In Chapter Six of Harper Lee's To Kill a Mockingbird, the author makes excellent use of imagery, especially in the form of sensory details, to create suspense and foreboding when the Finch children and Dill try to look in the Radleys' window.
As the children enter the yard, descriptions heighten a feeling of anxiety for the children's safety, making this one of the story's most exciting chapters.
At the rear of the property where "we stood less chance of being seen," there is "a narrow wooden outhouse." The kids have to wiggle under the wired fence. "It was a tight squeeze for [Jem]." In these descriptions, we have a sense of trying not to be caught, but there is also the sense of confined spaces, something that frightens many people.
When Jem warns, "Don't get in a row of collards whatever you do, they'll wake the dead," Scout moves cautiously and, obviously much too slowly, for as she looks up, she "saw Jem far ahead beckoning in the moonlight." This brings to mind a ghost, especially with the words "beckoning" and "moonlight."
When the kids arrive at the gate that separates the yard from the garden, "the gate squeaked" when Jem touches it.
As they move forward, Scout complains.
"You've got us in a box, Jem," I muttered. "We can't get out of here so easy."
A description of the house is given:
The back of the Radley house was less inviting than the front: a ramshackle porch ran the width of the house; there were two doors and two dark windows between the doors.
Above a Franklin stove, "a hat-rack mirror caught the moon and shone eerily."
Creeping to the side of the house, there is a "hanging shutter." While it may only be a sign of disrepair, it brings to mind a haunted house. As they try to raise Jem up to look in the window, he says,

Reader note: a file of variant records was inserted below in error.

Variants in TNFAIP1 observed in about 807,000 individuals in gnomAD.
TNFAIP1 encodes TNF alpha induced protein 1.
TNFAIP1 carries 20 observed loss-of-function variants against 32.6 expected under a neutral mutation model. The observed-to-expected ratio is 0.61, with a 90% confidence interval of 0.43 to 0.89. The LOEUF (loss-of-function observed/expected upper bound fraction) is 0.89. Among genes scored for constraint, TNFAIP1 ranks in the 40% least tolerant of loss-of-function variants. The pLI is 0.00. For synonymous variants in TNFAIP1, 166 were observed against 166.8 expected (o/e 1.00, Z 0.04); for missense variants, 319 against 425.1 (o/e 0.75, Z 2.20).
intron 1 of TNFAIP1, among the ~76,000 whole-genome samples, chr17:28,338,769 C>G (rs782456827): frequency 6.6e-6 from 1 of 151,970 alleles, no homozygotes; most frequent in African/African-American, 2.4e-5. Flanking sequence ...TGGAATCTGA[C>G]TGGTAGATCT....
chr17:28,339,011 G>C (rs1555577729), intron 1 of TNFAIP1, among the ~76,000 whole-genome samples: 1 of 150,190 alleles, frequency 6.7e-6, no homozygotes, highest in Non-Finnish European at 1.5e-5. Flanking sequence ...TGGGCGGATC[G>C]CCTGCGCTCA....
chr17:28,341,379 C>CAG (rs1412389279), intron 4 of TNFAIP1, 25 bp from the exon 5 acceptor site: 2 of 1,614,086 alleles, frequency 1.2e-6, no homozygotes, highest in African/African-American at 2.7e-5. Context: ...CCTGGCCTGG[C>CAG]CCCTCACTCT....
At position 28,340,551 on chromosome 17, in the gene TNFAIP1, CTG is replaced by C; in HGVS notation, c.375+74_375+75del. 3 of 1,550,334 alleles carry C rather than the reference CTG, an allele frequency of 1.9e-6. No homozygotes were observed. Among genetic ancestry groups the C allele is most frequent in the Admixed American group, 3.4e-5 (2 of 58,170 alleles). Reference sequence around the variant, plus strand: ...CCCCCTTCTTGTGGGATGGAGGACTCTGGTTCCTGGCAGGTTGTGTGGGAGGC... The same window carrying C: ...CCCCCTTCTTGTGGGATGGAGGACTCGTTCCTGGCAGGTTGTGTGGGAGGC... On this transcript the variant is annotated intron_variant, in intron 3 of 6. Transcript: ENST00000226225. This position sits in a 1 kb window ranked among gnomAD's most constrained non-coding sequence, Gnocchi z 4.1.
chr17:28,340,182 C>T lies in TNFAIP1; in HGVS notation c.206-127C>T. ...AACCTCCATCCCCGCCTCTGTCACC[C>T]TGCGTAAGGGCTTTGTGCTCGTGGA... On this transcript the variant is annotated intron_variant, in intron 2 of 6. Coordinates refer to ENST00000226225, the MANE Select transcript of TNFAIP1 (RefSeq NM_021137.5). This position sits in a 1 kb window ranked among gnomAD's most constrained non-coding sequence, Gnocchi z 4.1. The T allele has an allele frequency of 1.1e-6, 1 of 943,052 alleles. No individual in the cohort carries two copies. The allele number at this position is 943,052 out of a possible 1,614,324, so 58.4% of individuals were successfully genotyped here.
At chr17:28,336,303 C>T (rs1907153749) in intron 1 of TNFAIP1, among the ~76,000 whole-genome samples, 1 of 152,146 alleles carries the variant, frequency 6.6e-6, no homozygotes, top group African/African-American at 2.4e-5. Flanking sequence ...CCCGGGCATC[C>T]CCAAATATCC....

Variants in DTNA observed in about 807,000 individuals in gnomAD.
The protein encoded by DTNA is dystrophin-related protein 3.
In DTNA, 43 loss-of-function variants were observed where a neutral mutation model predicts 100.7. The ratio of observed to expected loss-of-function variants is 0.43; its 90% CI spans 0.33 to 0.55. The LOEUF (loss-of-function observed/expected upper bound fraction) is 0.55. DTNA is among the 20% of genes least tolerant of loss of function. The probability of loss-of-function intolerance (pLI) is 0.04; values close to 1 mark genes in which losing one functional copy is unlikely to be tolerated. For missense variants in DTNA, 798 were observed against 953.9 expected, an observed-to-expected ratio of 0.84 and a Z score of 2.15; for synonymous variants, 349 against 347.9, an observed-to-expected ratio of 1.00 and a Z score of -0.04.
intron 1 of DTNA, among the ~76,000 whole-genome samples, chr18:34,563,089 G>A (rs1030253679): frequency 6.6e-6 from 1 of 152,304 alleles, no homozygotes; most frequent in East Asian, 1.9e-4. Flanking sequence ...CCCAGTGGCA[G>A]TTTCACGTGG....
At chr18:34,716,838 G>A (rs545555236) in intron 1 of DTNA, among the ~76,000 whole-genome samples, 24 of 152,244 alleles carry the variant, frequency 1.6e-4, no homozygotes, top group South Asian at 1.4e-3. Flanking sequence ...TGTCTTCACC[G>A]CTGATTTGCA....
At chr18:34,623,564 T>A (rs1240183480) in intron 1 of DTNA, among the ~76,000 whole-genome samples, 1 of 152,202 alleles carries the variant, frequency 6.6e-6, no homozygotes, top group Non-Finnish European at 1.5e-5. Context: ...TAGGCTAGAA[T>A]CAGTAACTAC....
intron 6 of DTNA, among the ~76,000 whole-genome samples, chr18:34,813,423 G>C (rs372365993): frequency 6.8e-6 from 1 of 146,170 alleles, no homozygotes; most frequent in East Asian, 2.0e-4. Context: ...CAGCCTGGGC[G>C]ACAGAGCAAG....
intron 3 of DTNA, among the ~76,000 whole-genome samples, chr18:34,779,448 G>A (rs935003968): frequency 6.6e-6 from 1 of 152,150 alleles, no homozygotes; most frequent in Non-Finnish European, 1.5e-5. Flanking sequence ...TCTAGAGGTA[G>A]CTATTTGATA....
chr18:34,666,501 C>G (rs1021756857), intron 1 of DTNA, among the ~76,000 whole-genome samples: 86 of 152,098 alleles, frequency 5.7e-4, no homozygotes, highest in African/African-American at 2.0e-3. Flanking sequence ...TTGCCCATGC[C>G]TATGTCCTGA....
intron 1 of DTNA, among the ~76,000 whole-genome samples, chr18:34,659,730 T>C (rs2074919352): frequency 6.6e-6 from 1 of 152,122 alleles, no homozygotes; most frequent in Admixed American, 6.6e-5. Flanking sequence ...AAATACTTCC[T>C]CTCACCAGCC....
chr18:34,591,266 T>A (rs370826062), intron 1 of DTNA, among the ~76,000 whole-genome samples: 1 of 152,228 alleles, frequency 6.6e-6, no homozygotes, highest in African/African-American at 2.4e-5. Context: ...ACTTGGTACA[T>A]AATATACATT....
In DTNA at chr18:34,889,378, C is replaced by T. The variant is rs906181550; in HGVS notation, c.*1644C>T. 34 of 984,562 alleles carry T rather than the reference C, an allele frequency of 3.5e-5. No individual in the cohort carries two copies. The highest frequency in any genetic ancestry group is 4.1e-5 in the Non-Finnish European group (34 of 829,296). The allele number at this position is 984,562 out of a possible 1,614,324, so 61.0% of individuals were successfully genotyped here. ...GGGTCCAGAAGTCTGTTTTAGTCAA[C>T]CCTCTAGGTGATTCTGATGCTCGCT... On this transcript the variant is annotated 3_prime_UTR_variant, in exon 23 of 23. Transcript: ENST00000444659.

Hurry. . . we can't last much longer.
Time is running out. A need for speed creates tension.
When the boys decide to try the back window, Scout's fear is palpable.
When Jem put his foot on the bottom step, the step squeaked. He stood still and tried his weight by degrees. . . He crawled to the window, raised his head and looked in.
In a split second, the entire mood of the scene changes:
Then I saw the shadow. It was the shadow of a man with a hat on. At first I thought it was a tree, but there was no wind blowing, and tree-trunks never walked. The back porch was bathed in moonlight, and the shadow, crisp as toast, moved across the porch toward Jem.
Dill. . . put his hands to his face. . . Jem saw it. He put his arms over his head and went rigid.
At that point, the kids dive off of the porch. Scout explains,
As I tripped the roar of a shotgun shattered the neighborhood.
The reason that sensory details are so effective is because they appeal to our senses, which are very sensitive. When the author appeals to the senses, words on a page come to life. The senses in this chapter are mostly of sight, sound, and touch: visual, auditory, and perceptual.
Whether general imagery is used that evokes mental pictures or feelings that cause fear and suspense, or the specific use of sensory details are employed, Lee has a true gift to be able to transport the reader into that dark backyard, on a hot summer's night—when kids are apt to be up to something thrilling—and frightening—in Maycomb, Alabama.